The Coming of Light
Even this late it happens:
the coming of love, the coming of light.
You wake and the candles are lit as if by themselves,
stars gather, dreams pour into your pillows,
sending up warm bouquets of air.
Even this late the bones of the body shine
and tomorrow's dust flares into breath.
by Mark Strand
I was satisfied with haiku until I met you,
jar of octopus, cuckoo’s cry, 5-7-5,
but now I want a Russian novel,
a 50-page desc
another 75 of what you think staring out
a window. I don’t care about the plot
although I suppose there will have to be one,
the usual separation of the lovers, turbulent
seas, danger of decommission in spite
of constant war, time in gulps and glitches
passing, squibs of threnody, a fallen nest,
speckled eggs somehow uncrushed, the sled
outracing the wolves on the steppes, the huge
glittering ball where all that matters
is a kiss at the end of a dark hall.
At dawn the officers ride back to the garrison,
one without a glove, the entire last chapter
about a necklace that couldn’t be worn
inherited by a great-niece
along with the love letters bound in silk.
by Dean Young
As though touching her
might make him known to himself,
as though his hand moving
over her body might find who
he is, as though he lay inside her, a country
his hand's traveling uncovered,
as though such a country arose
continually up out of her
to meet his hand's setting forth and setting forth.
And the places on her body have no names.
And she is what's immense about the night.
And their clothes on the floor are arranged
by Li-Young Lee
Everything you didn’t understand
Made you what you are. Strangers
Whose eye you caught on the street
Studying you. Perhaps they were all-seeing
Illuminati? They knew what you didn’t,
And left you troubled like a strange dream.
Not even the light stayed the same.
Where did all that hard glare come from?
And the scent, as if mythical beings
Were being groomed and fed stalks of hay
On these roofs drifting among the evening clouds.
You didn’t understand a thing!
You loved the crowds at the end of the day
That brought you so many mysteries.
There was always someone you were meant to meet
Who for some reason wasn’t waiting.
Or perhaps they were? But not here, friend.
You should have crossed the street
And followed that obviously demented woman
With the long streak of blood-red hair
Which the sky took up like a distant cry.
by Charles Simic
Sleep softly my old love
my beauty in the dark
night is a dream we have
as you know as you know
night is a dream you know
an old love in the dark
around you as you go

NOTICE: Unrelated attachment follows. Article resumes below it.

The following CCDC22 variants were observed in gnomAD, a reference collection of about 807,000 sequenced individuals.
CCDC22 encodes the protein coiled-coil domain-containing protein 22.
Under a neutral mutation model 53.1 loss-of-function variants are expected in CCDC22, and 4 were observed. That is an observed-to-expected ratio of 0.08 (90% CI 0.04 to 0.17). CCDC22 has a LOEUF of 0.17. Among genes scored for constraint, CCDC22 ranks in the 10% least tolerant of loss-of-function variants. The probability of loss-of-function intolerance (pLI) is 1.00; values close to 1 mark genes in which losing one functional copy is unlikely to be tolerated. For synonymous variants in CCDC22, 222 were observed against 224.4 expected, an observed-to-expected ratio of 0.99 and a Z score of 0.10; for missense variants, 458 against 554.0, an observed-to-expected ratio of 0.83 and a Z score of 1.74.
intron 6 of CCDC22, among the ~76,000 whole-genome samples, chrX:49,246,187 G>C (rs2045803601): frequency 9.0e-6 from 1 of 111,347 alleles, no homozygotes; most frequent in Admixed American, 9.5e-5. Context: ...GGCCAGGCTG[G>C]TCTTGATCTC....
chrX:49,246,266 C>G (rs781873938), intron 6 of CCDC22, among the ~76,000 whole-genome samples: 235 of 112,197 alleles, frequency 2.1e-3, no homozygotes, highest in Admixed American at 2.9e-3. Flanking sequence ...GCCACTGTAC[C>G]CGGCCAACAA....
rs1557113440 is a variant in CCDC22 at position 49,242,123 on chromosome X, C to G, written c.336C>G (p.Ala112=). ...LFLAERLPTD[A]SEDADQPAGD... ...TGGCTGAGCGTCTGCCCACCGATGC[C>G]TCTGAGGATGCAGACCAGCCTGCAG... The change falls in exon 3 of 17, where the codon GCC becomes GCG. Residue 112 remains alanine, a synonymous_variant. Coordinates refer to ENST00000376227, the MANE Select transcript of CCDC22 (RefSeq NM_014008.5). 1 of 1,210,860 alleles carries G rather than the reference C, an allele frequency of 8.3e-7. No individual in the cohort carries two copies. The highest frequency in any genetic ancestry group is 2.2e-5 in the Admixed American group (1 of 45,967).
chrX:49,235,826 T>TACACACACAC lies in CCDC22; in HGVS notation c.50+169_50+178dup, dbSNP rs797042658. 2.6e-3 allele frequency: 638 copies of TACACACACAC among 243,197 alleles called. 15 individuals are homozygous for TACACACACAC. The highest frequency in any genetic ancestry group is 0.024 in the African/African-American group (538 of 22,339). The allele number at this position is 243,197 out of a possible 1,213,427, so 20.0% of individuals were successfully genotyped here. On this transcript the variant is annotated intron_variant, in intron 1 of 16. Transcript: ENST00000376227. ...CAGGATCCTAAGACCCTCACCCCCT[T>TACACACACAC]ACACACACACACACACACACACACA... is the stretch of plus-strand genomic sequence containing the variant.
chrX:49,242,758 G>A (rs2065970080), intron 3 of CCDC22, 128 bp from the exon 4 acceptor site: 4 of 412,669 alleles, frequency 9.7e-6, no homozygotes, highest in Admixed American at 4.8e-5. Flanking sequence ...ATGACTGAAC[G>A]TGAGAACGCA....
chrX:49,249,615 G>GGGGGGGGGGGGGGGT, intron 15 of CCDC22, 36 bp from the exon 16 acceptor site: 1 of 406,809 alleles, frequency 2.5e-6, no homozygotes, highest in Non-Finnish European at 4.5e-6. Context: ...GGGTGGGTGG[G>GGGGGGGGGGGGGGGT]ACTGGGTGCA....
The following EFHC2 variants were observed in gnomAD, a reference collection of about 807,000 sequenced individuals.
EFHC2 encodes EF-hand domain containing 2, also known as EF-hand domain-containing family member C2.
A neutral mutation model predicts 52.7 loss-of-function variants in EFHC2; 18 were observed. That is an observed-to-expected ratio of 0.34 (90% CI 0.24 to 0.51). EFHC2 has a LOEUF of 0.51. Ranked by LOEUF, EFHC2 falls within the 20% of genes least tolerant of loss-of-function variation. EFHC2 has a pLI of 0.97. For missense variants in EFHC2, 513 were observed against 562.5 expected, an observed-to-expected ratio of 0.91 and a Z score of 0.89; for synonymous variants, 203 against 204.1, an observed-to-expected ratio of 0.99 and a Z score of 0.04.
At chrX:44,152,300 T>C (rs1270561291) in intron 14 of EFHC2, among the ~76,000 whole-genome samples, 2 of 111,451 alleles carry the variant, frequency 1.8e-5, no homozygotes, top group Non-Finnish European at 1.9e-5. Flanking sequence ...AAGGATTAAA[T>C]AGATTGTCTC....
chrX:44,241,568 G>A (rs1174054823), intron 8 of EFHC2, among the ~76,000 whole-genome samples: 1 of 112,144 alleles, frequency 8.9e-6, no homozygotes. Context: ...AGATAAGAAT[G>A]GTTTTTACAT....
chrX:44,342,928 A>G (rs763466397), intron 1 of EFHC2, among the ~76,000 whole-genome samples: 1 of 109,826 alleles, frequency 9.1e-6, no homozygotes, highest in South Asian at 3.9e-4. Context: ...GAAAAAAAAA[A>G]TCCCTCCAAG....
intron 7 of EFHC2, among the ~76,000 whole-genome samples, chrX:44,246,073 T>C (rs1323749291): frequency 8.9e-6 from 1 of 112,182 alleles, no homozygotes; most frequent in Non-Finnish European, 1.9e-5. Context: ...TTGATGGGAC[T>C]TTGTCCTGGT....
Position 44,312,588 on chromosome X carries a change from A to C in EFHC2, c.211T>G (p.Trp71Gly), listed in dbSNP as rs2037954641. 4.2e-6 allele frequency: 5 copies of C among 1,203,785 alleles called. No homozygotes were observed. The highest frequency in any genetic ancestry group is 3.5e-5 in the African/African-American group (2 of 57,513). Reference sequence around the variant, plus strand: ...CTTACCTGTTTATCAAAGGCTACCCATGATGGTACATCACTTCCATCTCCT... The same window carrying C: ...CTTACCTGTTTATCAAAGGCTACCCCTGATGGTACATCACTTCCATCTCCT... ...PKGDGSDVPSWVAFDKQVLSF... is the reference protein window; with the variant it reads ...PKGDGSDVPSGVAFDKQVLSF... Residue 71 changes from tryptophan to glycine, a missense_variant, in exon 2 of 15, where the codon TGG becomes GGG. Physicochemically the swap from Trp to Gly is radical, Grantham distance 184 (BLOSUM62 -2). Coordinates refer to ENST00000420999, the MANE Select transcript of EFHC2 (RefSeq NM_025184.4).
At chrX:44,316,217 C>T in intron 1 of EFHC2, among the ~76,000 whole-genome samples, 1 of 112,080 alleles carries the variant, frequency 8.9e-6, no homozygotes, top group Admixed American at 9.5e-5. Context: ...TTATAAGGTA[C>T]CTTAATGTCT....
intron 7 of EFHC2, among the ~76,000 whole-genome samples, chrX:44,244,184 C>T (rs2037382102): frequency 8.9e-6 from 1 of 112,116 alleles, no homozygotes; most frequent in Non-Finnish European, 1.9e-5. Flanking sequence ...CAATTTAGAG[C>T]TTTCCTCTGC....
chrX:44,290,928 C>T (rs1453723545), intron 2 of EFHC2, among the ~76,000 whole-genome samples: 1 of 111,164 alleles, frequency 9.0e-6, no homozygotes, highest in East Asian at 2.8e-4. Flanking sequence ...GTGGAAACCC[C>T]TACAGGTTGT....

without end as you know
in the night where you go
sleep softly my old love
without end in the dark
in the love that you know
by W.S. Merwin
I’ve come back to the country where I was happy
changed. Passion puts no terrible strain on me now.
I wonder what will take the place of desire.
I could be the ghost of my own life returning
to the places I lived best. Walking here and there,
nodding when I see something I cared for deeply.
Now I’m in my house listening to the owls calling
and wondering if slowly I will take on flesh again.
by Linda Gregg
We weren’t exactly children again,
too many divorces, too many blood panels,
but your leaning into me was a sleeping bird.
Sure, there was no way to be careful enough,
even lightning can go wrong but when the smoke
blows off, we can admire the work the fire’s done
ironing out the wrinkles in favor of newer ones,
ashy furrows like the folds in the brain
that signal the switchbacks and reversals
of our thought and just as brief. Your lips
were song, your hair everywhere.
Oh unknowable, fidgeting self, how little
bother you were then, no more
than a tangerine rind. Oh unknowable
other, how I loved your smell.
by Dean Young
I have gone out, a possessed witch,
haunting the black air, braver at night;
dreaming evil, I have done my hitch
over the plain houses, light by light:
lonely thing, twelve-fingered, out of mind.
A woman like that is not a woman, quite.
I have been her kind.
I have found the warm caves in the woods,
filled them with skillets, carvings, shelves,
closets, silks, innumerable goods;
fixed the suppers for the worms and the elves:
whining, rearranging the disaligned.
A woman like that is misunderstood.
I have been her kind.
I have ridden in your cart, driver,
waved my nude arms at villages going by,
learning the last bright routes, survivor
where your flames still bite my thigh
and my ribs crack where your wheels wind.
A woman like that is not ashamed to die.
I have been her kind.
by Anne Sexton
The window was open to the night.
You kissed me deeply
as if you needed to get in
and even if I was slow
to catch on
I felt the sense of
what you sent
and felt how far into space
you meant to go.
Around me people shift,
becoming warm as I move away,
while you—still you—
you stay still
in a way that I will
always find transporting.
by Susan Minot
Yellow Stars and Ice
I am as far as the deepest sky between clouds
and you are as far as the deepest root and wound,
and I am as far as a train at evening,
as far as a whistle you can't hear or remember.
You are as far as an unimagined animal
who, frightened by everything, never appears.
I am as far as cicadas and locusts
and you are as far as the cleanest arrow
that has sewn the wind to the light on
the birch trees. I am as far as the sleep of rivers
that stains the deepest sky between clouds,
you are as far as invention, and I am as far as memory.
You are as far as a red-marbled stream
where children cut their feet on the stones
and cry out. And I am as far as their happy
mothers, bleaching new linen on the grass
and singing, "You are as far as another life,
as far as another life are you."
And I am as far as an infinite alphabet
made from yellow stars and ice,
and you are as far as the nails of the dead man,
as far as a sailor can see at midnight
when he's drunk and the moon is an empty cup,
and I am as far as invention and you are as far as memory.
I am as far as the corners of a room where no one
has ever spoken, as far as the four lost corners
of the earth. And you are as far as the voices
of the dumb, as the broken limbs of saints
and soldiers, as the scarlet wing of the suicidal
blackbird, I am farther and farther away from you.
And you are as far as a horse without a rider
can run in six years, two months and five days.
I am as far as that rider, who rubs his eyes with
his blistered hands, who watches a ghost don his
jacket and boots and now stands naked in the road.
As far as the space between word and word,
as the heavy sleep of the perfectly loved